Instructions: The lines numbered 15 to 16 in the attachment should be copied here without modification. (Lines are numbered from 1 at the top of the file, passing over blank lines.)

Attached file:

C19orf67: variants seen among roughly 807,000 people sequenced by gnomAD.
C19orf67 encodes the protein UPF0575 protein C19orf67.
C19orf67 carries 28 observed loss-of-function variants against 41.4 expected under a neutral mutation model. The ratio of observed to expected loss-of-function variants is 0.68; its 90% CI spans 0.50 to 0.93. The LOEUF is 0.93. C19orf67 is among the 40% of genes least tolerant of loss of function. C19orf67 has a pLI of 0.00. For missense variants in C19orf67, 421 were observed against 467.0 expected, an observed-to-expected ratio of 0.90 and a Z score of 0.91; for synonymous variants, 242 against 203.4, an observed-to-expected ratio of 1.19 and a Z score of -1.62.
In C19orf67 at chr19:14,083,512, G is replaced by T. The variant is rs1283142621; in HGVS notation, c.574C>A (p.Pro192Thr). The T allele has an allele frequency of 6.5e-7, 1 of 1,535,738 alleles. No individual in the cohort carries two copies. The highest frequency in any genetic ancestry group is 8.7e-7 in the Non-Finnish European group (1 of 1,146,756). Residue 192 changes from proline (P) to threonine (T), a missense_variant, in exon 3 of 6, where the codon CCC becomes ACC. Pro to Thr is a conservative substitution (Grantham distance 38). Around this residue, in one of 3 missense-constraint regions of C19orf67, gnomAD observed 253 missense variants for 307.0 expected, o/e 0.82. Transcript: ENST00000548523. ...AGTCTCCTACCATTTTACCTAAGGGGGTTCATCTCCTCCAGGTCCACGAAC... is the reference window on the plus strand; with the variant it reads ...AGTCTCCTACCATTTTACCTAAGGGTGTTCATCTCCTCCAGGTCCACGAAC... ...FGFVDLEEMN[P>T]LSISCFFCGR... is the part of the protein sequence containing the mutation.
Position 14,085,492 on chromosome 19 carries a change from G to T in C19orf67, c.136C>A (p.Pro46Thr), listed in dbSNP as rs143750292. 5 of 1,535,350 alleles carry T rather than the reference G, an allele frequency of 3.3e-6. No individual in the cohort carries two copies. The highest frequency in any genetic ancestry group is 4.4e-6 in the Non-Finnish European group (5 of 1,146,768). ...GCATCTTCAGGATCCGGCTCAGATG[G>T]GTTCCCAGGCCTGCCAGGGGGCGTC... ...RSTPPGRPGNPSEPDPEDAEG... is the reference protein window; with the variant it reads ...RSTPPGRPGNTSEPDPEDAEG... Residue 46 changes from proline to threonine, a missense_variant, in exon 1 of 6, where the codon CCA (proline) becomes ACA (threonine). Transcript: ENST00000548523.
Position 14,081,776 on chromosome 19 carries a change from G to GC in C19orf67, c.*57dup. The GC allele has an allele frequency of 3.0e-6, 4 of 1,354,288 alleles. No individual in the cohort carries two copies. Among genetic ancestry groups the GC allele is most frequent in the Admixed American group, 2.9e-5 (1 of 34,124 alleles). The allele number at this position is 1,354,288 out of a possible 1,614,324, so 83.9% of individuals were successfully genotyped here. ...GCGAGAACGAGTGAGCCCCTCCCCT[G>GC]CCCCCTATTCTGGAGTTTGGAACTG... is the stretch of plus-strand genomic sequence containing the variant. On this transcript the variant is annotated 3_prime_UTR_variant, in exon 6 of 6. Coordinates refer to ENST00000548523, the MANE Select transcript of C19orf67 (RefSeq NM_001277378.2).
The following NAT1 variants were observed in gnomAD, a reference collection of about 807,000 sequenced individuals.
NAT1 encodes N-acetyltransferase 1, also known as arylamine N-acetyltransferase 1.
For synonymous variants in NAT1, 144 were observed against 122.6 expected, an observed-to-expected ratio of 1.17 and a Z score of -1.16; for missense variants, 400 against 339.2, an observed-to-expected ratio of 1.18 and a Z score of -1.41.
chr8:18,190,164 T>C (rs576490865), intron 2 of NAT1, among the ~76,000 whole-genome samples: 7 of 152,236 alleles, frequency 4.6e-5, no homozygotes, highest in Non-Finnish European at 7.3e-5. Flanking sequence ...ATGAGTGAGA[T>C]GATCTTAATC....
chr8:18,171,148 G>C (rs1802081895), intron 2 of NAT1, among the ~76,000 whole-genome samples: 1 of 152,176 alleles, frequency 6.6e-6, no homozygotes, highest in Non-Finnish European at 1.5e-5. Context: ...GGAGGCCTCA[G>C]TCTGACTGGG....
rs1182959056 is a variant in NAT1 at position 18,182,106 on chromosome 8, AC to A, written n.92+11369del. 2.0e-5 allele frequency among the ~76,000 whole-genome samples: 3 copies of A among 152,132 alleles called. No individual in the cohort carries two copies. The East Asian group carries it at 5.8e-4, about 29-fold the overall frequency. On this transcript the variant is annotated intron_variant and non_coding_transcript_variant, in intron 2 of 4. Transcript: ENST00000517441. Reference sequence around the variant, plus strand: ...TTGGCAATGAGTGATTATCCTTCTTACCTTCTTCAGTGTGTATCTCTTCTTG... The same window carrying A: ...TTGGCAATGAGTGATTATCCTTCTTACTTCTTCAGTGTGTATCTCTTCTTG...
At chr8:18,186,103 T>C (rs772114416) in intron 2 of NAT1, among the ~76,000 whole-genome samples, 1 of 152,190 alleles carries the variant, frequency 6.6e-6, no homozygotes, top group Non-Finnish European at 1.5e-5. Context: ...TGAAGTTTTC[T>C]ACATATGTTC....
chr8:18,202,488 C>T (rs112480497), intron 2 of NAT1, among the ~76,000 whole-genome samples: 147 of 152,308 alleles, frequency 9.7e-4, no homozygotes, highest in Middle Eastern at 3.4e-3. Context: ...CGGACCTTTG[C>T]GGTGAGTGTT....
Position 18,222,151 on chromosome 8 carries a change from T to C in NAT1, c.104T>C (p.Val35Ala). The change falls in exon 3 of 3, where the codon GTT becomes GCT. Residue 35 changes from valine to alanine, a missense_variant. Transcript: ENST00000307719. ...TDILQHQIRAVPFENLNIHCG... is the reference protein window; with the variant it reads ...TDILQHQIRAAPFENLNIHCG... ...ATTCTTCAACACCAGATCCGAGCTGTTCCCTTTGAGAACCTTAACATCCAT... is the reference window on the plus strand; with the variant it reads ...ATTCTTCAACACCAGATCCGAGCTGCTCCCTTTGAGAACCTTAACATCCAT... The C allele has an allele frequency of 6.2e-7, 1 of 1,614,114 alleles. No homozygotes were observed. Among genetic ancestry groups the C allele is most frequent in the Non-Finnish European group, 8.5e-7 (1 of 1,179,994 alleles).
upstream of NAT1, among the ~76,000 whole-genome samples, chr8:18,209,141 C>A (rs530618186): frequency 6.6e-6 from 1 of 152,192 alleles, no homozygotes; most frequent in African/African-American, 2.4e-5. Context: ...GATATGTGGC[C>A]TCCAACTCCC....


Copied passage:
Position 18,222,151 on chromosome 8 carries a change from T to C in NAT1, c.104T>C (p.Val35Ala). The change falls in exon 3 of 3, where the codon GTT becomes GCT. Residue 35 changes from valine to alanine, a missense_variant. Transcript: ENST00000307719. ...TDILQHQIRAVPFENLNIHCG... is the reference protein window; with the variant it reads ...TDILQHQIRAAPFENLNIHCG... ...ATTCTTCAACACCAGATCCGAGCTGTTCCCTTTGAGAACCTTAACATCCAT... is the reference window on the plus strand; with the variant it reads ...ATTCTTCAACACCAGATCCGAGCTGCTCCCTTTGAGAACCTTAACATCCAT... The C allele has an allele frequency of 6.2e-7, 1 of 1,614,114 alleles. No homozygotes were observed. Among genetic ancestry groups the C allele is most frequent in the Non-Finnish European group, 8.5e-7 (1 of 1,179,994 alleles).
upstream of NAT1, among the ~76,000 whole-genome samples, chr8:18,209,141 C>A (rs530618186): frequency 6.6e-6 from 1 of 152,192 alleles, no homozygotes; most frequent in African/African-American, 2.4e-5. Context: ...GATATGTGGC[C>A]TCCAACTCCC....